The prime minister has put off a decision on the takeover of the nation’s hospitals for at least six months, saying he won’t make such a fundamental reform lightly.
Before the last election, Kevin Rudd promised to fix the health system by the middle of this year or he would move to take control of hospitals.
After releasing the final recommendations of the National Health and Hospitals Reforms Commission on Monday, Mr Rudd still insisted the buck would stop with him, just not yet.
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“Fundamental decisions about the entire system must not be taken lightly and we don’t intend to do so,” Mr Rudd said.
The commission’s recommendations were the most significant since the introduction of Medicare and had “massive implications” for all Australians, he said.
The commission suggests the commonwealth fund and run all primary health care, basic dental care and aged care, as well as indigenous health services.
Healthcare funding centralised
Under its plan, Canberra would also fund 100 per cent of the “efficient” cost of each outpatient service in hospitals, and 40 per cent of other admissions.
This could increase to 100 per cent of all hospital costs over time.
The reforms would cost between $2.8 billion and $5.7 billion each year, with a capital investment over five years of up to $7.3 billion.
But the commission says savings of $4 billion a year could be found by 2032-33, through increased efficiencies and a focus on preventative health.
A meeting of commonwealth, state and territory leaders in late 2009 will now examine the health system, before the federal government puts its preferred reform plan to premiers and chief ministers in early 2010.
Referendum on takeover
“If there’s no agreement to a comprehensive reform plan, the commonwealth will proceed to seek a mandate from the Australian people for the proper reform of our health system,” Mr Rudd said.
That will be through a plebiscite or referendum.
Opposition Leader Malcolm Turnbull says the prime minister has broken his election promise to fix the health system or take charge.
“Things have gone backwards and he hasn’t taken it over,” Mr Turnbull said.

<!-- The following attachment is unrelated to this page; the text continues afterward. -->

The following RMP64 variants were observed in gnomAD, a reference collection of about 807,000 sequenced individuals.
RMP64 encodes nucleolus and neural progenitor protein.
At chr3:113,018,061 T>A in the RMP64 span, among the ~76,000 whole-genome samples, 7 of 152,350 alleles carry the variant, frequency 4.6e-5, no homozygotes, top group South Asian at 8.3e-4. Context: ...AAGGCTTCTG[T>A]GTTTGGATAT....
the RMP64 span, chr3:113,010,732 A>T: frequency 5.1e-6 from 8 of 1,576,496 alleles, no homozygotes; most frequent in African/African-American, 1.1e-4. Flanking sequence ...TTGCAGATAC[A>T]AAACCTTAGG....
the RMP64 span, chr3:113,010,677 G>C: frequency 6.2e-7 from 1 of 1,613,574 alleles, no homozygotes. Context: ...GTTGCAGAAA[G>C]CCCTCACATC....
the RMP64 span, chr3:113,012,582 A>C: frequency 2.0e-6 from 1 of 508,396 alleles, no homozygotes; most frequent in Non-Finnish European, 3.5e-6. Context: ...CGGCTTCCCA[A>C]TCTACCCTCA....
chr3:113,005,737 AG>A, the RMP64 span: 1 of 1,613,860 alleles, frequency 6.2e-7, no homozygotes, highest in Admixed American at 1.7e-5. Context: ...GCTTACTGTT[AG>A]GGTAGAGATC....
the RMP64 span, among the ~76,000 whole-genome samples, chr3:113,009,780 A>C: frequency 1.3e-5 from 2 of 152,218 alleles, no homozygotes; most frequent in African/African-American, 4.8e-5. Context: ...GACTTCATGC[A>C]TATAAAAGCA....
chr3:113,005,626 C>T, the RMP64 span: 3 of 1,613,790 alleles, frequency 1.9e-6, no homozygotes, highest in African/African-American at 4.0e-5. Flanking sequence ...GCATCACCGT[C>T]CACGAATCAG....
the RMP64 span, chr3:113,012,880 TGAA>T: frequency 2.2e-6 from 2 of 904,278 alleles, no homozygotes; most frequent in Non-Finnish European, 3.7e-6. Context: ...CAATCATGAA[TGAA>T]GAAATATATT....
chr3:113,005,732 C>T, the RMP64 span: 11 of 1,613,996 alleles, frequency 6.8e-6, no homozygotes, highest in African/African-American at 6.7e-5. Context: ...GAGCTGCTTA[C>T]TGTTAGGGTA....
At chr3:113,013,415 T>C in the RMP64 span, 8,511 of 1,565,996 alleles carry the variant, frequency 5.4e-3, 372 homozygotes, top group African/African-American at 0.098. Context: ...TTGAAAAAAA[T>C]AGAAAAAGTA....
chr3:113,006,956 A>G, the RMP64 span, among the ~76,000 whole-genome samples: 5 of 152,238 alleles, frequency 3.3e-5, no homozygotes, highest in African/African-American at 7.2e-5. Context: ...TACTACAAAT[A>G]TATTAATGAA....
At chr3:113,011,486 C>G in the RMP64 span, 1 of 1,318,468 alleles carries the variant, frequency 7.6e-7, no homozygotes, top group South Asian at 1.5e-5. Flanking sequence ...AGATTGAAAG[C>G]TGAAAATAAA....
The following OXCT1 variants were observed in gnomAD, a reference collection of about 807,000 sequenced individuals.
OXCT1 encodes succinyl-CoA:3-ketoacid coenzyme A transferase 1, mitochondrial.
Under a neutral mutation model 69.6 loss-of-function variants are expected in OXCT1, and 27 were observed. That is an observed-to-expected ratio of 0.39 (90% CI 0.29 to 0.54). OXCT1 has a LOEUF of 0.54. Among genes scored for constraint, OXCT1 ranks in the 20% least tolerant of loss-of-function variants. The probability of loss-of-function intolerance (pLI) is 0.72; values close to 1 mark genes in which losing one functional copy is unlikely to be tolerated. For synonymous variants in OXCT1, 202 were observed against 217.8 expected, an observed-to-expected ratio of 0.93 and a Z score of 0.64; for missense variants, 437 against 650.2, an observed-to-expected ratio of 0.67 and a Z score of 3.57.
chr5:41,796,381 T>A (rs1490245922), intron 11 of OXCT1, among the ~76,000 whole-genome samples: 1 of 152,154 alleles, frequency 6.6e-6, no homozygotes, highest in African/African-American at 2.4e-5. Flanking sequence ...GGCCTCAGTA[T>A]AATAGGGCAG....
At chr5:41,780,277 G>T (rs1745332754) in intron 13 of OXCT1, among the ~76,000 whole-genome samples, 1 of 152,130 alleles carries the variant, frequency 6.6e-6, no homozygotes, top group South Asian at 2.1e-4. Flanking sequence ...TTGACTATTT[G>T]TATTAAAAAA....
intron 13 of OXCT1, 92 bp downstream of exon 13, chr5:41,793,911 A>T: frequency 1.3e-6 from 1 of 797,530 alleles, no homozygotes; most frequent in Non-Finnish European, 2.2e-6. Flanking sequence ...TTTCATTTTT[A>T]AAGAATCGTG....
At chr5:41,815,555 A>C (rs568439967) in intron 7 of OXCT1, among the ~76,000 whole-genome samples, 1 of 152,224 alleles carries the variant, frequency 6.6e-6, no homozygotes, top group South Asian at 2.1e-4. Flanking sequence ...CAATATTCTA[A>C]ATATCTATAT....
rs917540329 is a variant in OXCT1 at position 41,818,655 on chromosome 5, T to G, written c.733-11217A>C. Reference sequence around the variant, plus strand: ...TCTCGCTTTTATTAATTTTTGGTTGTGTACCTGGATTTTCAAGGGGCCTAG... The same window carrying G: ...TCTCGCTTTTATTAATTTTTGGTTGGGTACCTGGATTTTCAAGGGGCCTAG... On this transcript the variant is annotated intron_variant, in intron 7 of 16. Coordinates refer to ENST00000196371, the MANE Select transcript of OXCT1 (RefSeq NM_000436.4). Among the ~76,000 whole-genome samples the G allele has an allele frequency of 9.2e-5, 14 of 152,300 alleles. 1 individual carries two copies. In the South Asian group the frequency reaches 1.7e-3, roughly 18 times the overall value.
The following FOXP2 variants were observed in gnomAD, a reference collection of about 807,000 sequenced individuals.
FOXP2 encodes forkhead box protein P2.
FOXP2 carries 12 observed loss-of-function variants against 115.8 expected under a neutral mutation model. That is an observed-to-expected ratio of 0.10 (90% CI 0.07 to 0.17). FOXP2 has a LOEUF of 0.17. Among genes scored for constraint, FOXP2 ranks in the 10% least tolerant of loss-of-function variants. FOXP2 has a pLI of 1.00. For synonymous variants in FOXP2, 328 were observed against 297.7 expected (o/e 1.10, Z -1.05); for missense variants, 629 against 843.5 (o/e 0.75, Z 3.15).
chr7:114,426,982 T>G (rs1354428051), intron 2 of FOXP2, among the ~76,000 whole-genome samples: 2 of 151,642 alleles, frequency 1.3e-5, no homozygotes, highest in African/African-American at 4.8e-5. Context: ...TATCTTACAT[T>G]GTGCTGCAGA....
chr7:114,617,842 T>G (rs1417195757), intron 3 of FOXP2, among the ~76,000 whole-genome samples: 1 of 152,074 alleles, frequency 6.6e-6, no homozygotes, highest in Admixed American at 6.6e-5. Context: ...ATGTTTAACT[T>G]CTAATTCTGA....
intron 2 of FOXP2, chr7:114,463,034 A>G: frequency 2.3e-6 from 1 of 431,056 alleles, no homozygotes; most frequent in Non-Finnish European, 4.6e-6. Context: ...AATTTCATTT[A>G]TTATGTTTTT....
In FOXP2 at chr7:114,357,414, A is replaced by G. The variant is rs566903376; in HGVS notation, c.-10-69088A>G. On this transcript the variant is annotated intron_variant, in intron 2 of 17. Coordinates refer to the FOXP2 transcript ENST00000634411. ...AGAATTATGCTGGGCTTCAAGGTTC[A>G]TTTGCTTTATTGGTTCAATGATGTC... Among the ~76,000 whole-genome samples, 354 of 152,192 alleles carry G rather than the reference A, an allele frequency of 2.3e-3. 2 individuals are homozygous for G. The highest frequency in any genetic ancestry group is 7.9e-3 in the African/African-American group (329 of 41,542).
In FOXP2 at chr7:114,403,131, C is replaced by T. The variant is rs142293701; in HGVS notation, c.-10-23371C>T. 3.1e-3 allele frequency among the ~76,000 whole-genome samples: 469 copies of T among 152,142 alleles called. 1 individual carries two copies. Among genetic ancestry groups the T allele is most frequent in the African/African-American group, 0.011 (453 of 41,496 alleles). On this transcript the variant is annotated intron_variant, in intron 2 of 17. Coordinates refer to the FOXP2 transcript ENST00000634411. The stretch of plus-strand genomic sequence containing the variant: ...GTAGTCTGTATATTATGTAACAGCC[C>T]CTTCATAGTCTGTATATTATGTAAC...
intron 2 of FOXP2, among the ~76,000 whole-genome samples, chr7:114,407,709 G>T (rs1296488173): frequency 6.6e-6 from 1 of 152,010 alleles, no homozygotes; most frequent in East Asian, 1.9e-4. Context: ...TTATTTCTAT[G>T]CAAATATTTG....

Opposition health spokesman Peter Dutton suggested Labor was simply putting off any decision until after the next election.
“He’s now saying he’s going to conduct six months of consultation,” he said. “What on earth has the commission being doing for the last 16 months?”
Discussions with doctors
The prime minister will start his talking tour with Health Minister Nicola Roxon at Sydney’s North Shore Hospital on Tuesday, the first of 25 consultations with major hospitals.
Commission chair Christine Bennett rejected suggestions the government was failing to act on her report.
“Action is starting tomorrow with the continuing of the conversation with the Australian people and taking our proposals to people working at the front line for their response,” Dr Bennett said.
Most health professionals have welcomed the new emphasis on primary health care and preventative measures.
But Tasmanian Health Minister Lara Giddings pointed out a potential problem.
Electronic health records
“The commission’s suggested approach to split the health system will not end the pressure on our hospitals or the state-commonwealth blame game,” Ms Giddings said in a statement.
“In fact it could worsen it, as potentially hospitals discharging patients back into the community could be accused of trying to cost-shift to the commonwealth-funded primary health system.”
Another key recommendation would see every Australian given an electronic health record to improve continuity of care.
New laws would protect the privacy of each individual’s e-health record, which they would control.
Ms Roxon said while there would be debate about the recommendations, the report made one thing clear.
“Business as usual is not going to be sustainable in the coming years and decades,” she said. “We simply won’t have the resources to keep doing things the way we are doing them in the future.”